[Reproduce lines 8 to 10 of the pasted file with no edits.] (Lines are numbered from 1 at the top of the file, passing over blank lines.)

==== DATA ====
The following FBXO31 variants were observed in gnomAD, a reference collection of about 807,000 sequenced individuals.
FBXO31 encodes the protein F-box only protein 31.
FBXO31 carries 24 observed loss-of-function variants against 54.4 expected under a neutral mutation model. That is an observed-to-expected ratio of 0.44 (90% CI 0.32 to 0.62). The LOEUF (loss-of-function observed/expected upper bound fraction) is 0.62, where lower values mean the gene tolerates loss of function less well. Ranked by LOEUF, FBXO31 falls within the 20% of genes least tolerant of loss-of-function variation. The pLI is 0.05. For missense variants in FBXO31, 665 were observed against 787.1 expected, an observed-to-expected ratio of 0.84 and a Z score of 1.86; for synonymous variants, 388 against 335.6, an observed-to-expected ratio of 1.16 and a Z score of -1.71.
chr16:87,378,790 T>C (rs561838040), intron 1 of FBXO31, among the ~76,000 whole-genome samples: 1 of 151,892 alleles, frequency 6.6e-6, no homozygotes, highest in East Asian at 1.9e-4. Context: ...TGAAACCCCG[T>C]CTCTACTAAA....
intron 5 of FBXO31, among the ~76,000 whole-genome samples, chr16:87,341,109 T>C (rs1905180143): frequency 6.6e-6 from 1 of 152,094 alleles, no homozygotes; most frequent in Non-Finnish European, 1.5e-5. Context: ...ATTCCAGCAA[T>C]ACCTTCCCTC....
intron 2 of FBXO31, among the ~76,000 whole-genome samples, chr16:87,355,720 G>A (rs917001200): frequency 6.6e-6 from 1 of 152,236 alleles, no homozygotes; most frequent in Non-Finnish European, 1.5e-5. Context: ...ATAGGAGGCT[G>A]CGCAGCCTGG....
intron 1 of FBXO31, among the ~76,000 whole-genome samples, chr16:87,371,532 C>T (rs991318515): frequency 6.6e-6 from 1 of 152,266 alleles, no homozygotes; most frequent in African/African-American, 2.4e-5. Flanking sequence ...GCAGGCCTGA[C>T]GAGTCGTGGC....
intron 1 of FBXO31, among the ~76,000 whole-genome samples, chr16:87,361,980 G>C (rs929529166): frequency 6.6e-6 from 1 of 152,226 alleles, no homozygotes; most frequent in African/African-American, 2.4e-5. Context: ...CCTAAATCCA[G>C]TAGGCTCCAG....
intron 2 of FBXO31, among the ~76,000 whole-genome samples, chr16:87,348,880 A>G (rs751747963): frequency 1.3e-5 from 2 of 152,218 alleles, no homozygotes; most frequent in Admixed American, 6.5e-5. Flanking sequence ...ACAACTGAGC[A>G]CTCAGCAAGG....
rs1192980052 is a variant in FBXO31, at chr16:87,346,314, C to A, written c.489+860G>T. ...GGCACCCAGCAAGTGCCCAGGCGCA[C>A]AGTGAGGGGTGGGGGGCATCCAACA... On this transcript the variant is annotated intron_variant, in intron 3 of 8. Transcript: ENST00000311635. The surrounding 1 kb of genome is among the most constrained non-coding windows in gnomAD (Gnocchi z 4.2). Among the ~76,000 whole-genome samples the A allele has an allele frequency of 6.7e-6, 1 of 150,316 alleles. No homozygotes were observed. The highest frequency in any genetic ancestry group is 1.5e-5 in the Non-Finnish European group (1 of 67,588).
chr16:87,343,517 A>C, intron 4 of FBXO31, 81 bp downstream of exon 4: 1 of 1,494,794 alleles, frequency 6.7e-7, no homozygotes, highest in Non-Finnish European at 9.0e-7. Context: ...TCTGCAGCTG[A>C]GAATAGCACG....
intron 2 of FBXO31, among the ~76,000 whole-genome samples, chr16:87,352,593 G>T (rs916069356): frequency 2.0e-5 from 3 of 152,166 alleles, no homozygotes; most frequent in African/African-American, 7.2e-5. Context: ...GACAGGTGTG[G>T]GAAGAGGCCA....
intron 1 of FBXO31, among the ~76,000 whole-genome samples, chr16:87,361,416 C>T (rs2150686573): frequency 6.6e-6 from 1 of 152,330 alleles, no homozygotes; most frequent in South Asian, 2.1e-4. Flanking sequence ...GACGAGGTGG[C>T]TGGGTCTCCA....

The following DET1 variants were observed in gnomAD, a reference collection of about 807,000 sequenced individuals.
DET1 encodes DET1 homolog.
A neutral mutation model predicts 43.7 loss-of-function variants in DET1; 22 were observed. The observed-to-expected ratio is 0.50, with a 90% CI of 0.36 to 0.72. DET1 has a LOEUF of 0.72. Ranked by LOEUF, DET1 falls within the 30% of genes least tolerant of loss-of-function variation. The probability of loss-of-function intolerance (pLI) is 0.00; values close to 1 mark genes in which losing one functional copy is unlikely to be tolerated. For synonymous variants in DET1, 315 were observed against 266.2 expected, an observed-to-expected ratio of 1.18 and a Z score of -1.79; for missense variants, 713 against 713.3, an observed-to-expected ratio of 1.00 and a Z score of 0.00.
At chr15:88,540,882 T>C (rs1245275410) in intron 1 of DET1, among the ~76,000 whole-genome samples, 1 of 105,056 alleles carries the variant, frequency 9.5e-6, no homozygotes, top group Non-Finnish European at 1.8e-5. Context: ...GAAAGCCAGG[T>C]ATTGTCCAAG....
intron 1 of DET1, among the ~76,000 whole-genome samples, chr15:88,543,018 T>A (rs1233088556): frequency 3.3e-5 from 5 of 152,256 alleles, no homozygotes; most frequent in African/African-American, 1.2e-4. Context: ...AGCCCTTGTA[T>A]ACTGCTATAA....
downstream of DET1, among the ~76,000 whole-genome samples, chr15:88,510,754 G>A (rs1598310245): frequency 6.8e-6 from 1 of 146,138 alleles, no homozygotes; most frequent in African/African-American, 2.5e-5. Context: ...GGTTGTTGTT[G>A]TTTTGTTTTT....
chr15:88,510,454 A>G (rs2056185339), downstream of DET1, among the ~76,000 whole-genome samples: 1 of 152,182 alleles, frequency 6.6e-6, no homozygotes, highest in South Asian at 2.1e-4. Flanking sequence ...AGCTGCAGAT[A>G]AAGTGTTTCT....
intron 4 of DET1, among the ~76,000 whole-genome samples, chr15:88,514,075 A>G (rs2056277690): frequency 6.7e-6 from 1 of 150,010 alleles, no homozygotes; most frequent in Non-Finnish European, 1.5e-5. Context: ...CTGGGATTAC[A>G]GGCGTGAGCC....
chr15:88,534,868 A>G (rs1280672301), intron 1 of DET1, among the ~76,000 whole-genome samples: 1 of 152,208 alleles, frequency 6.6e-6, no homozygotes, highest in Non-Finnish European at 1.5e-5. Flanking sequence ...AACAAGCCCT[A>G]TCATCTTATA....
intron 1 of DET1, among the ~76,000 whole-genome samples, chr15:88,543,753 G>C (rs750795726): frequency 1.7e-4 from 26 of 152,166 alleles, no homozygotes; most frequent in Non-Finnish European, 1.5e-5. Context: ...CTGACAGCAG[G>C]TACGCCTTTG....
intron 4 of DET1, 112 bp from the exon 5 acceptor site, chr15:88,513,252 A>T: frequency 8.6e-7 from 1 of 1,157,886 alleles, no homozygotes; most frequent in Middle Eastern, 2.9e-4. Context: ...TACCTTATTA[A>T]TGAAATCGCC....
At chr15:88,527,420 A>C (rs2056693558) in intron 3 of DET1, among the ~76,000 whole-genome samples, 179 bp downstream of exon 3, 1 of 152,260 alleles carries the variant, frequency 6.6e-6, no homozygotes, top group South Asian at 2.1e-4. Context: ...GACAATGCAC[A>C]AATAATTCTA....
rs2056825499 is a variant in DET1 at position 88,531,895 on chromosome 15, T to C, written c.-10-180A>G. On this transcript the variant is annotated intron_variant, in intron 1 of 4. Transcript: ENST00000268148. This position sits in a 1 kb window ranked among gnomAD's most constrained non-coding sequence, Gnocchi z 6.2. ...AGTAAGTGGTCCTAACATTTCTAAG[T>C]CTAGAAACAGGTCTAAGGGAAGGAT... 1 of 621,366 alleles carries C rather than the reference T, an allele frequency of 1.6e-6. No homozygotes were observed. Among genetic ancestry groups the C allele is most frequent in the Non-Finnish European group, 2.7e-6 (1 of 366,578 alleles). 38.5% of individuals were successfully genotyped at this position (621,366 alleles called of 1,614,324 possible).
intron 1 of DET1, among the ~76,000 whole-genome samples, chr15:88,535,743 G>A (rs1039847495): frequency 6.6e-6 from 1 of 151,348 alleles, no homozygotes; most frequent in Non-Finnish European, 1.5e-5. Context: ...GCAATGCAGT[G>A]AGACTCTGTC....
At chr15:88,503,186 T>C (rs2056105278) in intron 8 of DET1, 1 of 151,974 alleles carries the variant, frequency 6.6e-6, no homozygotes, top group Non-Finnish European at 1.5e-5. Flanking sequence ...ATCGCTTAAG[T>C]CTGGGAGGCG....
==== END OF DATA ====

intron 1 of FBXO31, among the ~76,000 whole-genome samples, chr16:87,361,980 G>C (rs929529166): frequency 6.6e-6 from 1 of 152,226 alleles, no homozygotes; most frequent in African/African-American, 2.4e-5. Context: ...CCTAAATCCA[G>C]TAGGCTCCAG....
intron 2 of FBXO31, among the ~76,000 whole-genome samples, chr16:87,348,880 A>G (rs751747963): frequency 1.3e-5 from 2 of 152,218 alleles, no homozygotes; most frequent in Admixed American, 6.5e-5. Flanking sequence ...ACAACTGAGC[A>G]CTCAGCAAGG....
rs1192980052 is a variant in FBXO31, at chr16:87,346,314, C to A, written c.489+860G>T. ...GGCACCCAGCAAGTGCCCAGGCGCA[C>A]AGTGAGGGGTGGGGGGCATCCAACA... On this transcript the variant is annotated intron_variant, in intron 3 of 8. Transcript: ENST00000311635. The surrounding 1 kb of genome is among the most constrained non-coding windows in gnomAD (Gnocchi z 4.2). Among the ~76,000 whole-genome samples the A allele has an allele frequency of 6.7e-6, 1 of 150,316 alleles. No homozygotes were observed. The highest frequency in any genetic ancestry group is 1.5e-5 in the Non-Finnish European group (1 of 67,588).